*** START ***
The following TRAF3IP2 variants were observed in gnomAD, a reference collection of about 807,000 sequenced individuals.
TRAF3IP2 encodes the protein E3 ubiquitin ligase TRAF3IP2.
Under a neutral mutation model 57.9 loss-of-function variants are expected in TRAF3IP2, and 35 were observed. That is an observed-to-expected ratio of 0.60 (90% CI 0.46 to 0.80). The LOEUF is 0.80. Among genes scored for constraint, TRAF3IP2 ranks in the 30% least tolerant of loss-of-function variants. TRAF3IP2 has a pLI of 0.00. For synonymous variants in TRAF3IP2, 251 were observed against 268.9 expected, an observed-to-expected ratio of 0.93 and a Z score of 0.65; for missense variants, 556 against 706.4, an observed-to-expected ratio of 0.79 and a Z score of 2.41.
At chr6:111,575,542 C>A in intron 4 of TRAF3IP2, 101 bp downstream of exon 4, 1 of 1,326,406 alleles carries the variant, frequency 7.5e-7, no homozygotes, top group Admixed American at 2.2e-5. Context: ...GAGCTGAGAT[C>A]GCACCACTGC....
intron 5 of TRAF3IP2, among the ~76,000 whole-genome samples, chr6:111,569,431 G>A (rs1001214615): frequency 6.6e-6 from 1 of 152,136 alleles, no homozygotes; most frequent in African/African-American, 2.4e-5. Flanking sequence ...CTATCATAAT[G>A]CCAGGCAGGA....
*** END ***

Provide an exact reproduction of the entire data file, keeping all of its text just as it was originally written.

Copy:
The following TRAF3IP2 variants were observed in gnomAD, a reference collection of about 807,000 sequenced individuals.
TRAF3IP2 encodes the protein E3 ubiquitin ligase TRAF3IP2.
Under a neutral mutation model 57.9 loss-of-function variants are expected in TRAF3IP2, and 35 were observed. That is an observed-to-expected ratio of 0.60 (90% CI 0.46 to 0.80). The LOEUF is 0.80. Among genes scored for constraint, TRAF3IP2 ranks in the 30% least tolerant of loss-of-function variants. TRAF3IP2 has a pLI of 0.00. For synonymous variants in TRAF3IP2, 251 were observed against 268.9 expected, an observed-to-expected ratio of 0.93 and a Z score of 0.65; for missense variants, 556 against 706.4, an observed-to-expected ratio of 0.79 and a Z score of 2.41.
At chr6:111,575,542 C>A in intron 4 of TRAF3IP2, 101 bp downstream of exon 4, 1 of 1,326,406 alleles carries the variant, frequency 7.5e-7, no homozygotes, top group Admixed American at 2.2e-5. Context: ...GAGCTGAGAT[C>A]GCACCACTGC....
intron 5 of TRAF3IP2, among the ~76,000 whole-genome samples, chr6:111,569,431 G>A (rs1001214615): frequency 6.6e-6 from 1 of 152,136 alleles, no homozygotes; most frequent in African/African-American, 2.4e-5. Flanking sequence ...CTATCATAAT[G>A]CCAGGCAGGA....